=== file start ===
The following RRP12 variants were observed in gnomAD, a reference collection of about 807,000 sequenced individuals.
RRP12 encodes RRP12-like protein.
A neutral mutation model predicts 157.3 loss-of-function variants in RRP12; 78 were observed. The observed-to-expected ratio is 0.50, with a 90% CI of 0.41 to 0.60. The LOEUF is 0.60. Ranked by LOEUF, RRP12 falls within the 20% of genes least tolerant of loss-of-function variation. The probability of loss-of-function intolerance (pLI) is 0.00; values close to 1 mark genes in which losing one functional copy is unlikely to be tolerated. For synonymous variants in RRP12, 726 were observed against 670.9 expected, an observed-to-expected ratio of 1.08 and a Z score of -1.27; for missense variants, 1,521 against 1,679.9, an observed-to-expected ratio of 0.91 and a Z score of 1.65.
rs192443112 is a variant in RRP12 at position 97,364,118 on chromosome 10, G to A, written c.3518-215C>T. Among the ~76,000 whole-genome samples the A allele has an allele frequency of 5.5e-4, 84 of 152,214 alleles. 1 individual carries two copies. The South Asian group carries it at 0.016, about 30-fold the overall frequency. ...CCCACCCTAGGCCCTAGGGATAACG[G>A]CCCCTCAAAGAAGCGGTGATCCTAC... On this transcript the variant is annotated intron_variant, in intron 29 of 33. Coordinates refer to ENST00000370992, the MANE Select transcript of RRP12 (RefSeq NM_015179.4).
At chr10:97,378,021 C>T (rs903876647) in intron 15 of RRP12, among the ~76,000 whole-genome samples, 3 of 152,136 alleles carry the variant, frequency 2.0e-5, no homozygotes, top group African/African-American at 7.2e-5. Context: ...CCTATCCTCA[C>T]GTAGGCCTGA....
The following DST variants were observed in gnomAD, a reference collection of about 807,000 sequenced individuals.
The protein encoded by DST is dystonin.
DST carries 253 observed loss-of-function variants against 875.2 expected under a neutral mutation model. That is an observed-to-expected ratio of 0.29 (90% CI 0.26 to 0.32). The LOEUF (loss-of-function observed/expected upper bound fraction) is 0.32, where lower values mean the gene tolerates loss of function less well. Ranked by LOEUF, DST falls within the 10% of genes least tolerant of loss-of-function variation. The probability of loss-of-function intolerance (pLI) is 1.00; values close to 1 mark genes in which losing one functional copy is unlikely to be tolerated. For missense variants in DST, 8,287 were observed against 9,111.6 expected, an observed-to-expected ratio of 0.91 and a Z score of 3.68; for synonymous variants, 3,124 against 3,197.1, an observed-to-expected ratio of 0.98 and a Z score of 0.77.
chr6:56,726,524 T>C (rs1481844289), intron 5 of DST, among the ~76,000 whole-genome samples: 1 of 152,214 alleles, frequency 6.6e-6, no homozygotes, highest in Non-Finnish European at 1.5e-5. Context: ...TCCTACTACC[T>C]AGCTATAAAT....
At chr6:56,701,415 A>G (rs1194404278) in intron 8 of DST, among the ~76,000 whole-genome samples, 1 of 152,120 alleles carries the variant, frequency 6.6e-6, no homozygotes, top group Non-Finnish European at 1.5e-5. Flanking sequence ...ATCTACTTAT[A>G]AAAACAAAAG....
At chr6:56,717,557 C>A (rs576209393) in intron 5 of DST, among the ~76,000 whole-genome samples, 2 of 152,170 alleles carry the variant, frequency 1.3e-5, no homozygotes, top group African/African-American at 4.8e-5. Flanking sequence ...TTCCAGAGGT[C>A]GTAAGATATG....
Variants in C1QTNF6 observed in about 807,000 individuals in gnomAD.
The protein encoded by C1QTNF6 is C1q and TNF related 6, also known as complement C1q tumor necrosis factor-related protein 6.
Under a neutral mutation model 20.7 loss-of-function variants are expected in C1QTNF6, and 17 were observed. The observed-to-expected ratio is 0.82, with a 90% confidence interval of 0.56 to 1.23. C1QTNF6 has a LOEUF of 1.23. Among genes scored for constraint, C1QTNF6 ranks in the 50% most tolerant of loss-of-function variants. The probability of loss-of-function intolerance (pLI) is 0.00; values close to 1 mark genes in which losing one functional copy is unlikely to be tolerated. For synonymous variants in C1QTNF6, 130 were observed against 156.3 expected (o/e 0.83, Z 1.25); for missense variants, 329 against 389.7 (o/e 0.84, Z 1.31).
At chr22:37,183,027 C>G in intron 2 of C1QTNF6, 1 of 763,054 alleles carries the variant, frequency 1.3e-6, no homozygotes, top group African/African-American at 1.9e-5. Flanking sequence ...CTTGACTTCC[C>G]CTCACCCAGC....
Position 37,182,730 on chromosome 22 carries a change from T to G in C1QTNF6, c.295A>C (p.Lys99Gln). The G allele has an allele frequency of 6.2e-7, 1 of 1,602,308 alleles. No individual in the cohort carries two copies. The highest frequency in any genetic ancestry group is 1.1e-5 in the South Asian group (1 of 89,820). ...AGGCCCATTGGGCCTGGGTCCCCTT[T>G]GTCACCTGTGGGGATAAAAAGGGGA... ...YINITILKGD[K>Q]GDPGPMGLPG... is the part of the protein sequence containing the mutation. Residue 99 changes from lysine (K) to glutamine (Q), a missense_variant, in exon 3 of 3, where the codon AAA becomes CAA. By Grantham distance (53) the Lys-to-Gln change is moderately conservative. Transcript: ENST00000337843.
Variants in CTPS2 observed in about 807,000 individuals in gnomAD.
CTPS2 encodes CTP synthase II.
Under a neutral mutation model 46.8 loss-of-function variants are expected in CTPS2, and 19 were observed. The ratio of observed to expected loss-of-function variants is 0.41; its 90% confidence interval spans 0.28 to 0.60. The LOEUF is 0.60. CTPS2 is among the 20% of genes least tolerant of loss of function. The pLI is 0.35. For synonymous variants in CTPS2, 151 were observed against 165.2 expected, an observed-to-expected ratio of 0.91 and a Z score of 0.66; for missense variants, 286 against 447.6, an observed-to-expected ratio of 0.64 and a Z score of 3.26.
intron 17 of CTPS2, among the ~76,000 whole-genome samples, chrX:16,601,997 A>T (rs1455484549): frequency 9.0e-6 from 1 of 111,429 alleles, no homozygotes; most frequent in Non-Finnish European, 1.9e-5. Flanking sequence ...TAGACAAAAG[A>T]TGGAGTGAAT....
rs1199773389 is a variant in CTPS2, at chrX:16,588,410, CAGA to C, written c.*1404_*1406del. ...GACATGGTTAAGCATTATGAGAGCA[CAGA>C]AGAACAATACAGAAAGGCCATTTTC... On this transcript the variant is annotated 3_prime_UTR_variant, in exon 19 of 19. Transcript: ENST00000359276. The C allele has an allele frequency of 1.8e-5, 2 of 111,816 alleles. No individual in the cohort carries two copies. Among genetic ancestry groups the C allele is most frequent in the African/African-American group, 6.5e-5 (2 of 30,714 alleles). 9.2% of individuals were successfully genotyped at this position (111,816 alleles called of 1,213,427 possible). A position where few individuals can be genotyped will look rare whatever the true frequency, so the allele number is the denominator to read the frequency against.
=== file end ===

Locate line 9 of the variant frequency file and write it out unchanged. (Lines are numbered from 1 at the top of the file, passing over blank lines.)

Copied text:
chr6:56,726,524 T>C (rs1481844289), intron 5 of DST, among the ~76,000 whole-genome samples: 1 of 152,214 alleles, frequency 6.6e-6, no homozygotes, highest in Non-Finnish European at 1.5e-5. Context: ...TCCTACTACC[T>C]AGCTATAAAT....